How To Calculate Your Closet's Carbon Footprint In 3 Minutes Or Less

mbg Sustainability Editor By Emma Loewe
mbg Sustainability Editor
Emma Loewe is the Sustainability Editor at mindbodygreen and the author of "The Spirit Almanac: A Modern Guide To Ancient Self Care."
Rack of bright yellow-colored clothing on rack in white wardrobe room

Image by Martí Sans / Stocksy

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The journey toward a more sustainable closet starts with a single step—or, in this case, a single click. Today, secondhand clothing retailer thredUP worked with environmental research firm Green Story to release a Fashion Footprint Calculator that can give you an idea of the annual carbon footprint of your wardrobe and how it stacks up against the average consumer's.

It's basically a more targeted version of your standard online carbon calculator. Once you take a three-minute fashion habit quiz with questions ranging from the granular (how many tops do you buy a year?) to the broad (how do you dispose of your clothes?), you'll have a better understanding of your pain points and how to clean them up.

ThredUP was inspired to create the calculator after asking 1,000 women about their wardrobes and getting some puzzling responses: "81% of women think their fashion habits are less wasteful than the average consumer—which is obviously impossible," Erin Wallace, thredUP head of integrated marketing, tells mbg. This disconnect between how green we think we are and how green we really are could be due to a lack of education. Though 92% of women surveyed said that they wanted to shop more sustainably in 2020, two out of every three of them didn't know how to go about lowering their fashion footprint.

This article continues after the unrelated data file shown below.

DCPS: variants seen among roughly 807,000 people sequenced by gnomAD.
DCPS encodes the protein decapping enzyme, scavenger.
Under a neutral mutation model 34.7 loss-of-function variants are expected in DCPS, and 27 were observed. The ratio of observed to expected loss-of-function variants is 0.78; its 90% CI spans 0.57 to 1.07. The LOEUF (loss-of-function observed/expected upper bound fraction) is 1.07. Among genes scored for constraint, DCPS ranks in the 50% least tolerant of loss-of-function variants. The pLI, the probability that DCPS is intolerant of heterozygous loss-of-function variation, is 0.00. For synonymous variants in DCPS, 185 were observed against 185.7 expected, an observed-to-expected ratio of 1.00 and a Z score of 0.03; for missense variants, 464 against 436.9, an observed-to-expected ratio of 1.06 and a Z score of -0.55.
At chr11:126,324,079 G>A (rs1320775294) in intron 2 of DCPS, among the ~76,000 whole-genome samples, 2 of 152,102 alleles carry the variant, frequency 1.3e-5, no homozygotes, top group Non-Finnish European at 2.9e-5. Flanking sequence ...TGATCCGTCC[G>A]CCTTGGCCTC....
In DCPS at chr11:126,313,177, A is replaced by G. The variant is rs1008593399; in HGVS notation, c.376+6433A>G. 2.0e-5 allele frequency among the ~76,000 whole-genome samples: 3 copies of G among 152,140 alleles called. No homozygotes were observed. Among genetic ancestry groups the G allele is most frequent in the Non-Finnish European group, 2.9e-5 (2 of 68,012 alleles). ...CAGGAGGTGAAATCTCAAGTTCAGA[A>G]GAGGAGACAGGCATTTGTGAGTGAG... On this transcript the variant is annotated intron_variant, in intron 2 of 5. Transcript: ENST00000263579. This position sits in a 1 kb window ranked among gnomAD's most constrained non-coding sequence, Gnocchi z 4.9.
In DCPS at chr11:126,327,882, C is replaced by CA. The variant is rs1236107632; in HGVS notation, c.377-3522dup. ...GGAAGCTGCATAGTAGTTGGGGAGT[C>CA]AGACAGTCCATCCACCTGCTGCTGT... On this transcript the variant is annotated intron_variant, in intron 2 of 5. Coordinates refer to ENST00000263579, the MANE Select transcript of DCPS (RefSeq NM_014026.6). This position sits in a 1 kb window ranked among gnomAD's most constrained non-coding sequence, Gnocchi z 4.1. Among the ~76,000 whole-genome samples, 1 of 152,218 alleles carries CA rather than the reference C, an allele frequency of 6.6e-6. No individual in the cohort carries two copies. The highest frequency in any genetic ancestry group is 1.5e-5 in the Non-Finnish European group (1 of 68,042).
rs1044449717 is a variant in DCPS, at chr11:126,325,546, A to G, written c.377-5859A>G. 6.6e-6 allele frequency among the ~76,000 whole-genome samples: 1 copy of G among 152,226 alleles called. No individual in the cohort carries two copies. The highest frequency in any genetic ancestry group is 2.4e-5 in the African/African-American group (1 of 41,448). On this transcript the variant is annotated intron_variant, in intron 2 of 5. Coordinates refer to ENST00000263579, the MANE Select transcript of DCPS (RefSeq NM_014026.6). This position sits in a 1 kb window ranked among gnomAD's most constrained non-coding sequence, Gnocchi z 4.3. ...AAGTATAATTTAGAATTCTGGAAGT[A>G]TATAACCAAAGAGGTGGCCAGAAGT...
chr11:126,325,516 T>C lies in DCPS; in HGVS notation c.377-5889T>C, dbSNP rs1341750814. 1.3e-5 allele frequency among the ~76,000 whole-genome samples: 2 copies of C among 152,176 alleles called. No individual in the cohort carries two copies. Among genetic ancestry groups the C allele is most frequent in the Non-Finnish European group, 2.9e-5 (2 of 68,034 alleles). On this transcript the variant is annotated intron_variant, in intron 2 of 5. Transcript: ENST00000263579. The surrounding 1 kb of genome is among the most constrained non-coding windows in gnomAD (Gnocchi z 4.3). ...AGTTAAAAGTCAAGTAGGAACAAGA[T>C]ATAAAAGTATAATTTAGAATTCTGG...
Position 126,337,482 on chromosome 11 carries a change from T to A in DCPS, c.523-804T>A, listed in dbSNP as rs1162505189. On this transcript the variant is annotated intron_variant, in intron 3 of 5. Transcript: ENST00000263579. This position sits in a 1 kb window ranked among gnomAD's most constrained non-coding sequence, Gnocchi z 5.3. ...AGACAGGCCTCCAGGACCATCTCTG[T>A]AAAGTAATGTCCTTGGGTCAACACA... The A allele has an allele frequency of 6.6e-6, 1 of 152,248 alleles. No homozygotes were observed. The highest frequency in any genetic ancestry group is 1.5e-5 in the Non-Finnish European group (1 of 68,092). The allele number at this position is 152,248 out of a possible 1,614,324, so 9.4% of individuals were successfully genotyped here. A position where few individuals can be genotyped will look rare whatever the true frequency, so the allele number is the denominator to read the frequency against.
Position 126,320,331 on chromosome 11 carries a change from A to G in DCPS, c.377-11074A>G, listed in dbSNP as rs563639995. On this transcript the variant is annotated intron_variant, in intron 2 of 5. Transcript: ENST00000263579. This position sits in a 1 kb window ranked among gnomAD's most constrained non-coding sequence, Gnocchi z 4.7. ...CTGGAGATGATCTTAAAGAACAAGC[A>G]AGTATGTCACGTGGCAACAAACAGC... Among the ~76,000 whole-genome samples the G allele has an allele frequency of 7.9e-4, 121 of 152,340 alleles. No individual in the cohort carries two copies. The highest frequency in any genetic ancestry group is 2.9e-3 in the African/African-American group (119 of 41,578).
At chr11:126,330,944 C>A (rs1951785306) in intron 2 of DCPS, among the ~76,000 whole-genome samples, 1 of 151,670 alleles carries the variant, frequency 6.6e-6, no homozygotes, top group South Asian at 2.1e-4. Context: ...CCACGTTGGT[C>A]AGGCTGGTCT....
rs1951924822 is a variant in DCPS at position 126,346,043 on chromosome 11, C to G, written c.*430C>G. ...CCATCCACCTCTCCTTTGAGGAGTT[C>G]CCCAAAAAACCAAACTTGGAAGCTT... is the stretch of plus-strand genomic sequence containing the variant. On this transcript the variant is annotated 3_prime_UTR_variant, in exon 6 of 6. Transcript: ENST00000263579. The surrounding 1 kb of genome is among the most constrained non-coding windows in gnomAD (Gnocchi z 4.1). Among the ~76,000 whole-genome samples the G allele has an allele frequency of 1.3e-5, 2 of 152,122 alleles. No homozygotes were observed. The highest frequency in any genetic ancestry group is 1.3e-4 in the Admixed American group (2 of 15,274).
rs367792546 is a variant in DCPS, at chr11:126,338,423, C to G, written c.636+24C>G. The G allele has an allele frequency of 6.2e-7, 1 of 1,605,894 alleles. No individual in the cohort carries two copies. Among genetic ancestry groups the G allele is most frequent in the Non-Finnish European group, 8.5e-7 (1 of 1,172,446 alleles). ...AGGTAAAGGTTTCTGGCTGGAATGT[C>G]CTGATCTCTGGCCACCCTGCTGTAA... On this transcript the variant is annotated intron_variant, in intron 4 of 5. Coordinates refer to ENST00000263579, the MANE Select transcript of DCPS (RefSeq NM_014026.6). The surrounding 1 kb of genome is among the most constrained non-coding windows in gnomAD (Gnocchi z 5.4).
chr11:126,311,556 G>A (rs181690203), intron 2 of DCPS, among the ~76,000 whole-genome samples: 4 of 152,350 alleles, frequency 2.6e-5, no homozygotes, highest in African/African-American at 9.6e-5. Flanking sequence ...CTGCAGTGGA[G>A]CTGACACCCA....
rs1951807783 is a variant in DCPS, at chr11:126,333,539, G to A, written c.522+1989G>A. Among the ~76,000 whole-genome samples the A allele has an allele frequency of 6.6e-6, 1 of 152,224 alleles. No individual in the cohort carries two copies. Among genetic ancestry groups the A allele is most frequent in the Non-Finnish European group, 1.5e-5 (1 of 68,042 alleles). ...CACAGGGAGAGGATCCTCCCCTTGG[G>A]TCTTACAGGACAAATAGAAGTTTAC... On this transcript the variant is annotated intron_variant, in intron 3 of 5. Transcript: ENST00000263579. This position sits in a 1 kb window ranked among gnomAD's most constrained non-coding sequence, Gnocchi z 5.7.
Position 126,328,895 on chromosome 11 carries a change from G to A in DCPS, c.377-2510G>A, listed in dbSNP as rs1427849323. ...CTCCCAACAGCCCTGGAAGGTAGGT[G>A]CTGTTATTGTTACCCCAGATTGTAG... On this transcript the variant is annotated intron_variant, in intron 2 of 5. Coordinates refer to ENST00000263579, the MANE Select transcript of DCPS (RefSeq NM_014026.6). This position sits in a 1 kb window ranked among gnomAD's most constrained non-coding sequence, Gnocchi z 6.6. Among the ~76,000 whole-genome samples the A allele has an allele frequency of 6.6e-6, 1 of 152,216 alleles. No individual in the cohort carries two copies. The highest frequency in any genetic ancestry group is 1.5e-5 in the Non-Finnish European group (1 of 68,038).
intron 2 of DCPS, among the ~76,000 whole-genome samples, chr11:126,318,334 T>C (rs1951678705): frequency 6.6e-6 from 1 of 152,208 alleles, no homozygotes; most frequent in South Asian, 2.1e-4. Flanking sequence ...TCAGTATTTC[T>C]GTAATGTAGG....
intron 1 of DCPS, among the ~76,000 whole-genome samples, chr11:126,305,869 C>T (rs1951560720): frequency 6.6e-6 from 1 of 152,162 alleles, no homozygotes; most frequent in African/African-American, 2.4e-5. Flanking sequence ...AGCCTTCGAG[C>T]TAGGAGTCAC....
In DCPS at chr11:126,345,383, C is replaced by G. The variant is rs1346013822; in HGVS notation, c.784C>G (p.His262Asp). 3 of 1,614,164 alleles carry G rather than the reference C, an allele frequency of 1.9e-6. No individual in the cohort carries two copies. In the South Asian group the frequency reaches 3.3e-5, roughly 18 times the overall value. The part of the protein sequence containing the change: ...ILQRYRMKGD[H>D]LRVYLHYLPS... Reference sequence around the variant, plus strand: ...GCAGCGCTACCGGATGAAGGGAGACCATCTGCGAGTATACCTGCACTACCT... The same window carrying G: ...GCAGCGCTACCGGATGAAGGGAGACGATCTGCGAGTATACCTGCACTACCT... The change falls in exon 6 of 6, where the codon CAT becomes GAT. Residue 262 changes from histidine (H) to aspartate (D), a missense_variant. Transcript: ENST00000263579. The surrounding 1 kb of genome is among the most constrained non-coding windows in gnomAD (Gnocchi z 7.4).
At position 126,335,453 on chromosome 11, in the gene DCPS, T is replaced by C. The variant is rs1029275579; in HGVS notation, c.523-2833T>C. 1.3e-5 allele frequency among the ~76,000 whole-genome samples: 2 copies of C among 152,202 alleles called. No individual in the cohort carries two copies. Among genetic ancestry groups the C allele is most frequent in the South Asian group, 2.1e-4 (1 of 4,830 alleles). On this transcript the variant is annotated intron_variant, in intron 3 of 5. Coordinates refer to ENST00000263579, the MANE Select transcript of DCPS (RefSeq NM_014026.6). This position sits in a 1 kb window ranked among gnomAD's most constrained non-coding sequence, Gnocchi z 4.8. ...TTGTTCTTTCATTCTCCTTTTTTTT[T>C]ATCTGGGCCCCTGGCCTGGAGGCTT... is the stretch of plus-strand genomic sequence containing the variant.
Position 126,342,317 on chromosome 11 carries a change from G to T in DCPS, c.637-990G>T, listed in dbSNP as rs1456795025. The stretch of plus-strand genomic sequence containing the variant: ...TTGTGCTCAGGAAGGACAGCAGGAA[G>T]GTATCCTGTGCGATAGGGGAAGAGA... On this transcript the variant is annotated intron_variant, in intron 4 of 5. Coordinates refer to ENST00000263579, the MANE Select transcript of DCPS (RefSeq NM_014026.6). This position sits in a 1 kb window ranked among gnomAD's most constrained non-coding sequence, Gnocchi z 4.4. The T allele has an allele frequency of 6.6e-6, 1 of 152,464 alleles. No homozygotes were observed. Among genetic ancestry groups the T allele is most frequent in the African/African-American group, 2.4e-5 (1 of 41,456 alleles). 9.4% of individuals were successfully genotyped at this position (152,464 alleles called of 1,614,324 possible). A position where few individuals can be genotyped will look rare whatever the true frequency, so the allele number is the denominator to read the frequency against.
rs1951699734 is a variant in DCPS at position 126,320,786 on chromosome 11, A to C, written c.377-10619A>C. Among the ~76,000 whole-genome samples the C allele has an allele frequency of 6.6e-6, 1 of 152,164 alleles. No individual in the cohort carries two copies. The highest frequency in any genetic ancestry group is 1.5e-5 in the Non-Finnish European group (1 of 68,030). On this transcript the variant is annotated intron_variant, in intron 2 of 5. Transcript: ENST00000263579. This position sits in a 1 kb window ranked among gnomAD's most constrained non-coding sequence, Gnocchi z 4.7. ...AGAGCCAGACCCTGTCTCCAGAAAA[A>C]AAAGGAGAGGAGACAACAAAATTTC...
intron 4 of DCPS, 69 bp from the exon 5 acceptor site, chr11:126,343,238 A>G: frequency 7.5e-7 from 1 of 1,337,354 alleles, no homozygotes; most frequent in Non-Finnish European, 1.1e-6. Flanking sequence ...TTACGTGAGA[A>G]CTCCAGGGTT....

The calculator sheds some light by finishing with a list of suggestions for whittling down emissions. I appreciated the fact that they weren't just tips for purchasing new clothes but for taking care of the ones you already own.

For example, after seeing that extending the life of a garment by one year can reduce its carbon footprint by 25%, I feel inspired to make this the year I finally learn how to mend my own clothes. (If anyone else is with me here, Wallace suggested checking out Elizabeth L. Cline's book The Conscious Closet for some lessons on Mending 101.) And once I realized that 75% of my laundry's total carbon impact happens when I machine-dry them, I gave a second thought to air-drying pieces in my tiny bathroom instead.

The next time I do want to buy a garment, the tool reminded me of the environmental benefits of supporting sustainable brands or shopping secondhand, trying something on in order to avoid returns, and never, ever opting for next-day shipping if I can help it.

Though we can't have a more sustainable fashion industry without brands changing the way they do business, we can't have it without the active participation of consumers either. There are plenty of things we can do to lessen the impact of our closets right now and in the future—and this is a good reminder of what those are.

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